Who Am I?

A focused interest in people?

Posted: July 2nd, 2017 | Author: | Filed under: Autism | Comments Off on A focused interest in people?

My therapist made an observation last week that I’ve been rolling around in my mind trying to decide what I think about it. I was discussing a question I was asked in another counseling session, “What would it be like for me to let myself just react naturally?” (That’s paraphrased, but it was something similar.) It arose when I was trying to describe just how much I’m constantly processing and monitoring and evaluating every single social interaction, everything said, every expression and other non-verbals, tone, inflection, and every other aspect. I’m trying to understand the other person correctly as I’m also trying to manage everything about my own affect to try to communicate what I actually want to say. Part of that is conscious, but a lot of it is deeply ingrained and semi-automatic. Most of all, it never stops. A portion of my mind is always reviewing past interactions, preparing for future ones, or trying to manage one in which I’m currently engaged. Sometimes, it’s doing all three things at once. In that context, I guess it made sense for someone to ask, why don’t you just react?

And so I tried to explain that I have absolutely no idea what that would even mean, much less how I could I do it. I began training my voice (using tapes I had my mother get for me), practicing expressions in the mirror, and consciously working on body language when I was 8, 9, and 10 years old. I became good enough at it that I was able to more or less interact with others on a level that came close enough to their expectations that they didn’t perceive me as too different and reacted much less negatively. I have continued to work on that process my entire life. I’m 52 years old. I haven’t reacted spontaneously and without thought in a social context since I was 7 years old. I don’t know that I could shut off that part of my brain even if I wanted to do so. And I have even less idea what it would mean if I somehow did.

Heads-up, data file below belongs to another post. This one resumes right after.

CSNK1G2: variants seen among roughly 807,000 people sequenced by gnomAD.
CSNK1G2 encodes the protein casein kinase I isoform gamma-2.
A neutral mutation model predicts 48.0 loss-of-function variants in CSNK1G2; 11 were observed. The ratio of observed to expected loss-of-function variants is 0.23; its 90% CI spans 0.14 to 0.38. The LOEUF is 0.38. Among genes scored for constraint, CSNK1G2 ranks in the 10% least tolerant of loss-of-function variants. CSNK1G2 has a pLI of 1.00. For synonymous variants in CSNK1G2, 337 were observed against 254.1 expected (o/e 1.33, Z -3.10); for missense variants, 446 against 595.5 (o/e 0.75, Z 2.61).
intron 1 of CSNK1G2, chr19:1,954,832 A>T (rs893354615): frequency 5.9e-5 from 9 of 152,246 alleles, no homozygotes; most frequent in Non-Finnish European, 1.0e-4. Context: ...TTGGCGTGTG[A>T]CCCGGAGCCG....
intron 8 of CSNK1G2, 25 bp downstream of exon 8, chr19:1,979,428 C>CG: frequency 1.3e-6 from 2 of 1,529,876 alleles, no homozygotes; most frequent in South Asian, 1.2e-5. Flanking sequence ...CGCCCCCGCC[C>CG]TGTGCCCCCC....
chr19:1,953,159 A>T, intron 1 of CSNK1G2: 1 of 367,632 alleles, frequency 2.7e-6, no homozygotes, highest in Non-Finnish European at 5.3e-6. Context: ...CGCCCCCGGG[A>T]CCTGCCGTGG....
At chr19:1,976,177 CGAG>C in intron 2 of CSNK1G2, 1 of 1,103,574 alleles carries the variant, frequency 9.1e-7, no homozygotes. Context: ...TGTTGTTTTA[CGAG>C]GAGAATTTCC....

But I objected to the interpretation that some people make that my reactions and interactions are somehow inauthentic or fake as a result. People take the fact that I consciously or semi-consciously manage social interactions and that I rehearse them in my head as though I am not reacting naturally. I began to point out to my therapist that absolutely everyone wears different “faces” in different contexts. It’s a normal part of being human. And I described how I see it everywhere all the time. I watch expressions and body language. I listen to variations in tone of voice. I can see even small changes when I’m not involved in the interaction and can devote myself to analyzing instead of participating. I’ll see myriad subtle shifts in body language, expression, and affect as a person moves from one context into a different one. Sometimes things will shift when someone new enters an ongoing social interaction. People shift and modify the face they display all the time. They just do it without thinking, so they assume they are being “natural”.

And I described again some of the ways I practiced and learned how to do something similar. It’s never entirely automatic for me, no matter how much I practice. I can easily get thrown off by the unexpected. I’m still learning new unwritten and unspoken social rules every year. And I often do more suggestion and leading in my performance, allowing others to fill in the gaps (a technique I learning from acting) because I have to devote much of my mind to the actual communication itself. (It doesn’t help if I get my expression and body language right, understand their nonverbal attitude and realize I have no clue what they actually just said.) So my faces are typically incomplete, but often just good enough for the given context and setting. While they are never natural and automatic, they are no less authentic than the faces everyone else uses without thinking. In every instance, my faces are a part or aspect of who I am. I am trying to communicate in ways that will be received as I intended them to be heard rather than misunderstood. I am being no more fake than someone trying to speak a second language that doesn’t come easily to them.